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    Bacteria run wild, defying antibiotics

    By Abigail Zuger

    A new chapter in the continuing story of antibiotic resistance is being written in doctors' offices across the country, as a group of common bacteria rapidly becomes resistant to the antibiotics that have been used to treat them for decades.

    The bacteria are called Staphylococcus aureus, or staph for short. Staph are the most common cause of skin infections like boils and can also cause lung infections, bloodstream infections and abscesses in the body's internal organs.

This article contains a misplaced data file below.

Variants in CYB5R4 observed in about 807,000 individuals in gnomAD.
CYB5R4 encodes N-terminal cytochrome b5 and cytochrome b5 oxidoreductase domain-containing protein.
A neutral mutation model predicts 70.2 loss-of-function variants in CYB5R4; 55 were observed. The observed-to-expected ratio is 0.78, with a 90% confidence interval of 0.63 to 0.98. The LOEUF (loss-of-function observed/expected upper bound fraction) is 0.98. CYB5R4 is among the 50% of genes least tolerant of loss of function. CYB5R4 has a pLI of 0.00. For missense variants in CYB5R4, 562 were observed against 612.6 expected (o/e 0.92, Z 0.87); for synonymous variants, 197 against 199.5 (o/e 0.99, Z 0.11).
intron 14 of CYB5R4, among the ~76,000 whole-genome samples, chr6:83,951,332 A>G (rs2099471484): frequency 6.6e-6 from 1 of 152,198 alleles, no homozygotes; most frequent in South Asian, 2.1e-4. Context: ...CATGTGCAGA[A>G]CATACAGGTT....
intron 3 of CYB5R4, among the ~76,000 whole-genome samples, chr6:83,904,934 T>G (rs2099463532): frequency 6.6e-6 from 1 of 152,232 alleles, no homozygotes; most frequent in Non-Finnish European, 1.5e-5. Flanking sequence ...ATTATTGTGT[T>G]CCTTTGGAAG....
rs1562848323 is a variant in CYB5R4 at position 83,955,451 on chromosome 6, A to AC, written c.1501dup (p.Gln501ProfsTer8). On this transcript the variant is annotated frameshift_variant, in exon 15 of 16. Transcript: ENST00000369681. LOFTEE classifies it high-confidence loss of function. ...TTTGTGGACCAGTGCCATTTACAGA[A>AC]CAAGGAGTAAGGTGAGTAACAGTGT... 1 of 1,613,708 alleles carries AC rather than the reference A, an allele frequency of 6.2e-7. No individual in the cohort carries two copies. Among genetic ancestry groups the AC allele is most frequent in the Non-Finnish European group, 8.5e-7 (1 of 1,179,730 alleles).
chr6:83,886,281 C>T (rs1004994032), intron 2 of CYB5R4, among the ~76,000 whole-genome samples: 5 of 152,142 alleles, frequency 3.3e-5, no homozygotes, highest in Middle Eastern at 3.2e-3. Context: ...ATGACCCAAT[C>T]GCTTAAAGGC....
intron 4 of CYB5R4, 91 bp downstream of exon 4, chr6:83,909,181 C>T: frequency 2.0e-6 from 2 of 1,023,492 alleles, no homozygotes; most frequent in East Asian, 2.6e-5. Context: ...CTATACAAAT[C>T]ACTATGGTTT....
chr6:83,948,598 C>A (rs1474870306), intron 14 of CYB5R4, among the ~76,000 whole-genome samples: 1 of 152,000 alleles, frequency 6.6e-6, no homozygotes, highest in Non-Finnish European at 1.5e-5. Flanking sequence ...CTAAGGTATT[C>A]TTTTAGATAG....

In hospitalized patients, infections caused by antibiotic-resistant staph have been common for years. Among healthy people, though, antibiotic resistance in staph has not been a big problem. Since the 1970's, doctors have routinely, and successfully, treated staph infections in healthy patients with penicillin-like drugs.

    Not anymore. Office doctors who follow this practice now may find their patients getting sicker instead of better.

    Over the last year, Dr. John Gullett, an infectious disease specialist in Abilene, Tex., has grown accustomed to getting calls for help from local doctors who have used the usual antibiotics to no effect.

    One doctor treated a high school football player "built like Charles Atlas" with a standard oral antibiotic for a little boil in the groin. Even though the teenager was the picture of health, the antibiotic did not work.